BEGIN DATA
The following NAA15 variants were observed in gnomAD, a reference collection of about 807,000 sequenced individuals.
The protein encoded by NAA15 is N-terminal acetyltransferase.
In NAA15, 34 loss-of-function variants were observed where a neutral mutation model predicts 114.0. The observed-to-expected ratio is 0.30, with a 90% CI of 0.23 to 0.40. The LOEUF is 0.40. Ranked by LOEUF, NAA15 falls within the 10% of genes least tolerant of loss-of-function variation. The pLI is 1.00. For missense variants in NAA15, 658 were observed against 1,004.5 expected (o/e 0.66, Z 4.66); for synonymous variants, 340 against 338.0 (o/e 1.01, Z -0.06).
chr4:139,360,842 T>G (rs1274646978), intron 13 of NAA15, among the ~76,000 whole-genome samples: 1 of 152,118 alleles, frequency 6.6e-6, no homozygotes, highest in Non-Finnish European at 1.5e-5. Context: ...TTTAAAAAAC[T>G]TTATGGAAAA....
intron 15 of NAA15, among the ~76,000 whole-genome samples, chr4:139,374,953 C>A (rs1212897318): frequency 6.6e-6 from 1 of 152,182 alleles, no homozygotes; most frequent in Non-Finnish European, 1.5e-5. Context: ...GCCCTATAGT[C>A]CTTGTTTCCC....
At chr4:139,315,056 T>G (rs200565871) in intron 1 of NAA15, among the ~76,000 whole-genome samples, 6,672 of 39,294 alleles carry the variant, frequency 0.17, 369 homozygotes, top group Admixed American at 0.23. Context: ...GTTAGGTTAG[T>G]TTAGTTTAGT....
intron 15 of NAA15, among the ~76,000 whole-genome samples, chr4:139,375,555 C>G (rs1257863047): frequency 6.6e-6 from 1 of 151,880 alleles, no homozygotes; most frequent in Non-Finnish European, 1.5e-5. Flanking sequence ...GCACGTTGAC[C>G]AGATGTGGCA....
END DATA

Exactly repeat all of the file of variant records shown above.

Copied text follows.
The following NAA15 variants were observed in gnomAD, a reference collection of about 807,000 sequenced individuals.
The protein encoded by NAA15 is N-terminal acetyltransferase.
In NAA15, 34 loss-of-function variants were observed where a neutral mutation model predicts 114.0. The observed-to-expected ratio is 0.30, with a 90% CI of 0.23 to 0.40. The LOEUF is 0.40. Ranked by LOEUF, NAA15 falls within the 10% of genes least tolerant of loss-of-function variation. The pLI is 1.00. For missense variants in NAA15, 658 were observed against 1,004.5 expected (o/e 0.66, Z 4.66); for synonymous variants, 340 against 338.0 (o/e 1.01, Z -0.06).
chr4:139,360,842 T>G (rs1274646978), intron 13 of NAA15, among the ~76,000 whole-genome samples: 1 of 152,118 alleles, frequency 6.6e-6, no homozygotes, highest in Non-Finnish European at 1.5e-5. Context: ...TTTAAAAAAC[T>G]TTATGGAAAA....
intron 15 of NAA15, among the ~76,000 whole-genome samples, chr4:139,374,953 C>A (rs1212897318): frequency 6.6e-6 from 1 of 152,182 alleles, no homozygotes; most frequent in Non-Finnish European, 1.5e-5. Context: ...GCCCTATAGT[C>A]CTTGTTTCCC....
At chr4:139,315,056 T>G (rs200565871) in intron 1 of NAA15, among the ~76,000 whole-genome samples, 6,672 of 39,294 alleles carry the variant, frequency 0.17, 369 homozygotes, top group Admixed American at 0.23. Context: ...GTTAGGTTAG[T>G]TTAGTTTAGT....
intron 15 of NAA15, among the ~76,000 whole-genome samples, chr4:139,375,555 C>G (rs1257863047): frequency 6.6e-6 from 1 of 151,880 alleles, no homozygotes; most frequent in Non-Finnish European, 1.5e-5. Flanking sequence ...GCACGTTGAC[C>G]AGATGTGGCA....